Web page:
I'm not an instructor nor a builder, so take my advise accordingly. That being said, if anyone coming across this thread is an instructor or builder or pilot with experience and notice that I've provided false, misleading or dangerous info, please speak up! I won't be offended and promise to learn from your knowledge. Besides, the life you save may be a future customer/riding buddy!

A couple of quick static tests to tell if the rig is set up good 'nuf (for parking lot practice):
- overall condition of the rig. Does it look like it's been well cared for? Standard bike inspection techniques applies here.
- tire wear. Are the tires wearing evenly? Are they wearing too fast (owner complains they are only getting a few thou out of their tires. If the owner is a potential seller, be sly when asking about tire wear)
- does the rig sit level when empty and when loaded? By loaded, I mean a driver AND passenger/ballast.
- grab the handlebars, put your right foot on the LEFT peg (you are now hanging off the left side of the bike). See how easily you can pick the sidecar wheel off the ground with just your weight. You are testing not only the rig with this maneuver, but how YOUR weight when added to the rig will affect it's handling.
- Hint, the wheel should lift but not real easily. If it's too easy, add ballast to the car. Add heavy inanimate things like water jugs, bricks or WELL CONTAINED sand bags. Your ballast loading WILL vary, you are in a way tailoring the rig to YOU as the driver.
- Only add people or pets to the car if the driver is experienced! (special note: wives HATE to be called BALLAST!)
- when you pick the hack wheel up, look for any flex or play in the bike-to-car connections.

Now, if you and the owner are comfortable with you taking control of the rig:
- FOLLOW THE OWNER'S INSTRUCTIONS TO THE LETTER! You are asking to borrow his baby. Put yourself in his shoes by remembering back to your daughters prom night!
- show up well rested, you are going to use mussels you didn't know were there.
- do your test drives in a BIG parking lot with no obstacles and is mostly free of dips and slopes.
- Go slow and straight, planning for a wide LEFT turn at the end.
- Don't leave first gear until the owner thinks you are ready.
- When driving straight and slow, apply the brakes. If the car wheel does not have a brake, you should feel a slight push to the LEFT from the weight of the car. Correct this yaw with steering and speed.
- similarly, the car will want to pull the bike RIGHT when you accelerate. Again compensate with steering and speed.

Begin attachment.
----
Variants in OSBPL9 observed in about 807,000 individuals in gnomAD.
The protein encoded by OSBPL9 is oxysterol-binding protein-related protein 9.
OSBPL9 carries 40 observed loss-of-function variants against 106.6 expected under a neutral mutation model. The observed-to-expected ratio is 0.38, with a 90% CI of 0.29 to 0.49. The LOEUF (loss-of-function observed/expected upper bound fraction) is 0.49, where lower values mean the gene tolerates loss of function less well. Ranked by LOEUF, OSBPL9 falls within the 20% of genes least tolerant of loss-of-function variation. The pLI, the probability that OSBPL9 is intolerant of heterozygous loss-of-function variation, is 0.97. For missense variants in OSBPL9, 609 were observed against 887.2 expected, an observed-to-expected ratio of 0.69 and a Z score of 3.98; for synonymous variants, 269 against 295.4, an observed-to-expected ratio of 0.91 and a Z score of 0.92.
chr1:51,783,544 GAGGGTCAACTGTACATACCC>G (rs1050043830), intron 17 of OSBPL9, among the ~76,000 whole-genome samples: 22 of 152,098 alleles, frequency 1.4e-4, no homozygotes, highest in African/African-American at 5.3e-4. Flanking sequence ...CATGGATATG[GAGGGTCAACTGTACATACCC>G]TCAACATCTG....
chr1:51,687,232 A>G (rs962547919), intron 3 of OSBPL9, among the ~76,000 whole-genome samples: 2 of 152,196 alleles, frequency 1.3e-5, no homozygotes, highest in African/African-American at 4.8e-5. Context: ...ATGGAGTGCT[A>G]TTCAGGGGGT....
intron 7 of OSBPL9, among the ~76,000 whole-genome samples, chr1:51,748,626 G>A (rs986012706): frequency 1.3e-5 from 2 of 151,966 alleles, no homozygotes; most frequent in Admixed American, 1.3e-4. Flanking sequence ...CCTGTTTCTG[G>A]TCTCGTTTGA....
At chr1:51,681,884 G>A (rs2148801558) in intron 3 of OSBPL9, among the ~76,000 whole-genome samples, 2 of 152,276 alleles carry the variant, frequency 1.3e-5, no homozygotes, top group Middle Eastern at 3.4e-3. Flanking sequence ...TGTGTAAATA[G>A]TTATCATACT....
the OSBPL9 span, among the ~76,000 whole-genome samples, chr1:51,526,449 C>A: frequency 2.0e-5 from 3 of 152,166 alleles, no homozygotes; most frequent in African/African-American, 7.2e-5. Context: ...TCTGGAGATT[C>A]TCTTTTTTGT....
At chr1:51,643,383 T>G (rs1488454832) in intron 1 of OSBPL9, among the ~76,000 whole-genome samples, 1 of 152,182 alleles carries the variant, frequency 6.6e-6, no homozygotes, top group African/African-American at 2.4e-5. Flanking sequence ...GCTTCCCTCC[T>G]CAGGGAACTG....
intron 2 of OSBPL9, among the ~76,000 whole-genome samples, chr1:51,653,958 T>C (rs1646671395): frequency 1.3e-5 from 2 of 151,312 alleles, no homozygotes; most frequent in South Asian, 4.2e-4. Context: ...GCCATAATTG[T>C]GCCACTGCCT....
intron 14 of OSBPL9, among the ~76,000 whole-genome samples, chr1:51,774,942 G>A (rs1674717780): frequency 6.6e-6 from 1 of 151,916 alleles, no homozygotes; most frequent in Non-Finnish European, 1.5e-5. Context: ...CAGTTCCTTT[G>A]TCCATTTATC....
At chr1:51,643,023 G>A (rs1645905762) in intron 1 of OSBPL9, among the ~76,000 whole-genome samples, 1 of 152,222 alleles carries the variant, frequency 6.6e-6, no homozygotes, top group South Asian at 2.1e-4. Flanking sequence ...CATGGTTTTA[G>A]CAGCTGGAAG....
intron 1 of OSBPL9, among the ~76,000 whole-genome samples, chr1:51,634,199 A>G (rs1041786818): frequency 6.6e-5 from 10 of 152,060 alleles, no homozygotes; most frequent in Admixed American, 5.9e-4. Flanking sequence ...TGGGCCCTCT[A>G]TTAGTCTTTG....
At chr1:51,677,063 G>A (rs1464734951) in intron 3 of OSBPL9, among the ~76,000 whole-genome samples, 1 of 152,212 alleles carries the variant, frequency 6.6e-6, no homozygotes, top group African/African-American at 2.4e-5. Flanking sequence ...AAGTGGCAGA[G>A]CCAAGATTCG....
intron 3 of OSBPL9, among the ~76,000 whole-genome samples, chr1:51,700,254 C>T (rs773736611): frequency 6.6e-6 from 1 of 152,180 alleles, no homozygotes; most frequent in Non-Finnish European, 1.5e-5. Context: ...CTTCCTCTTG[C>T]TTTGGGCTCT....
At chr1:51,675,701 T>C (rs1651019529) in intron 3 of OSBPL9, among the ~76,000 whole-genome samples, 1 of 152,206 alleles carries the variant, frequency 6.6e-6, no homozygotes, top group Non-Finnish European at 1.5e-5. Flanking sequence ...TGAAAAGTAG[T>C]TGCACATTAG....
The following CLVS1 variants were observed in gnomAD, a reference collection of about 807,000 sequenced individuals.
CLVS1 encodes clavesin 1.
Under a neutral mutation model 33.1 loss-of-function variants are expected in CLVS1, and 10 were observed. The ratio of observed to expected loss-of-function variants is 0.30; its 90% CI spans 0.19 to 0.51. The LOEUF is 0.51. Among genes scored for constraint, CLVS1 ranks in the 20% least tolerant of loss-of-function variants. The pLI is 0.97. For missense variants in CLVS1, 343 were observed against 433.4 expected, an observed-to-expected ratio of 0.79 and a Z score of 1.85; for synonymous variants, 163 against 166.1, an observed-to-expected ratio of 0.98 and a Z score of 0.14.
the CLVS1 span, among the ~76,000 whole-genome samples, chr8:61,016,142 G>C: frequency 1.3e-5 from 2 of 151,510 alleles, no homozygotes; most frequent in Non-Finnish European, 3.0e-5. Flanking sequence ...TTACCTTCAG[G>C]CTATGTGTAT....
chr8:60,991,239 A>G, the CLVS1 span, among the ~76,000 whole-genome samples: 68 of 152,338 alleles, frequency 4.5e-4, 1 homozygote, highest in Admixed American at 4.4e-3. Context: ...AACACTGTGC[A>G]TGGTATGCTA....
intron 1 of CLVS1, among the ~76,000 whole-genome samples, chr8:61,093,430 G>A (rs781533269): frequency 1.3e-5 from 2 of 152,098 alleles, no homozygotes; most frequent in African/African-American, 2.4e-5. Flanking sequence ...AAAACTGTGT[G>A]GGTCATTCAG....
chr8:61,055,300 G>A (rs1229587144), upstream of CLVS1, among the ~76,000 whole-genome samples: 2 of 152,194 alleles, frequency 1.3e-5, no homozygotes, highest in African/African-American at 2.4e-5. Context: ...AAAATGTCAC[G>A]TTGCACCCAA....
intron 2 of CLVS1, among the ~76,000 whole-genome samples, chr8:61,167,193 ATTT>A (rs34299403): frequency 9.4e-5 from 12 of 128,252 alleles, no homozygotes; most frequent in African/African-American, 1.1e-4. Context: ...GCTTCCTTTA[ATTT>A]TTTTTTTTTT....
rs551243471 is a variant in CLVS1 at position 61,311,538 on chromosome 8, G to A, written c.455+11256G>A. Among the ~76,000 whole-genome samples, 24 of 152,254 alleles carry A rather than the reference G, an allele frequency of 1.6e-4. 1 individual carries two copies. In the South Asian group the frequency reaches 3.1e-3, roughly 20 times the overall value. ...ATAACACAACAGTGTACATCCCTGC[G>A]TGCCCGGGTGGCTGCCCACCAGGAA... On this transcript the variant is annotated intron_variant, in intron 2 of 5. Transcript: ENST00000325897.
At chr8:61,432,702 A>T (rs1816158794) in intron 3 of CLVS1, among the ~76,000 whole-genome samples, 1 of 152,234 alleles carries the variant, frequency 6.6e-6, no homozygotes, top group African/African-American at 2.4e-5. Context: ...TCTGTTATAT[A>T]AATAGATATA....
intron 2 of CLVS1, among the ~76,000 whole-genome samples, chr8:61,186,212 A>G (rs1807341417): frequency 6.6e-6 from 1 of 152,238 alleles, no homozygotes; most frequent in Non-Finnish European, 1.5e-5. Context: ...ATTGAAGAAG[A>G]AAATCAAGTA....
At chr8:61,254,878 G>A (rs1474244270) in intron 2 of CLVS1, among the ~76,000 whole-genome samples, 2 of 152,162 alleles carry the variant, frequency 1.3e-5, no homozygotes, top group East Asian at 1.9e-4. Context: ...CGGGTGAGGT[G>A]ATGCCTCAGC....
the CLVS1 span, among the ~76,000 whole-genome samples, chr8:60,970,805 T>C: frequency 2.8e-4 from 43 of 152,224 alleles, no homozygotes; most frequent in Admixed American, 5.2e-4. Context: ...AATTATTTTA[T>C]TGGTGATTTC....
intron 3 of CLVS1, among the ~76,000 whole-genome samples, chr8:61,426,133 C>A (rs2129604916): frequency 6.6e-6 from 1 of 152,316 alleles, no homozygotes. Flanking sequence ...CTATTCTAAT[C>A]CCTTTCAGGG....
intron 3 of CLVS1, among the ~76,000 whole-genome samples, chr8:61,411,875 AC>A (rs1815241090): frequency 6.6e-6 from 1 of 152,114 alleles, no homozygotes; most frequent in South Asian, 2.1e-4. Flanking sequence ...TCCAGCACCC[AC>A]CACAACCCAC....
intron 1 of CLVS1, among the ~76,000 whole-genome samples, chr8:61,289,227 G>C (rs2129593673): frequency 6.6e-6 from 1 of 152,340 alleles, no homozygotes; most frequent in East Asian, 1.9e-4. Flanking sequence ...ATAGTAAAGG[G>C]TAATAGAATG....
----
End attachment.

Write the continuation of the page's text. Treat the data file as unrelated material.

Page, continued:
Now for your first turn.
- slow, wide LEFT turn at the end of the straight away.
- You may feel the car wanting to nose dive. Compensate with speed and steering and now also by shifting your body weigh AWAY from the car. Your body weight is PART of the rig's balance/counter-balance system. On a solo bike, you become one with the machine, leaning as it leans. On a rig, you are a separate entity. You shift your body weight counter to the bike to keep the rig balanced and in contact with the road. Watch some videos of sidecar racers and you'll see what I mean! You'll also understand why a sidecar racing team consists of a "driver" and a "monkey"! (FYI, wives also HATE being called a MONKEY!)
- Rinse and repeat straight away driving, acceleration, braking and LEFT turning, maybe adding a little speed (VERY little) each time.

- When you are ready AND THE OWNER SAYS OK, switch to RIGHT turns, but VERY slowly. Things will get exciting now!
- This time, you should feel the car's wheel wanting to rise.
- Correct this by shifting your weight TOWARDS the car and widening your turn. Avoid grabbing the brakes hard if you feel the rig tipping. Hard braking will only worsen the tip. Plan your right turns with some run-out space in case you need to straighten your line to set the wheel back down. See, I told you it's guna get exciting!
- if the rig seems too tippy, try adding more ballast.
- Rinse repeat

If you aren't hooked on sidecars at this point, thank the owner, offer to buy lunch, then walk away. Sidecars are asymmetric and drive like no other vehicle out there. It's not everyone's cup of Scotch, er, I mean tea! Yes it's TEA in that cup!

If you want to continue and the owner is OK with it, figure-8s are your next exercise.
- big, slow figure-8s
- slowly (VERY slowly) add speed and tighten the pattern.
- remember to plan for run-out space on your turns.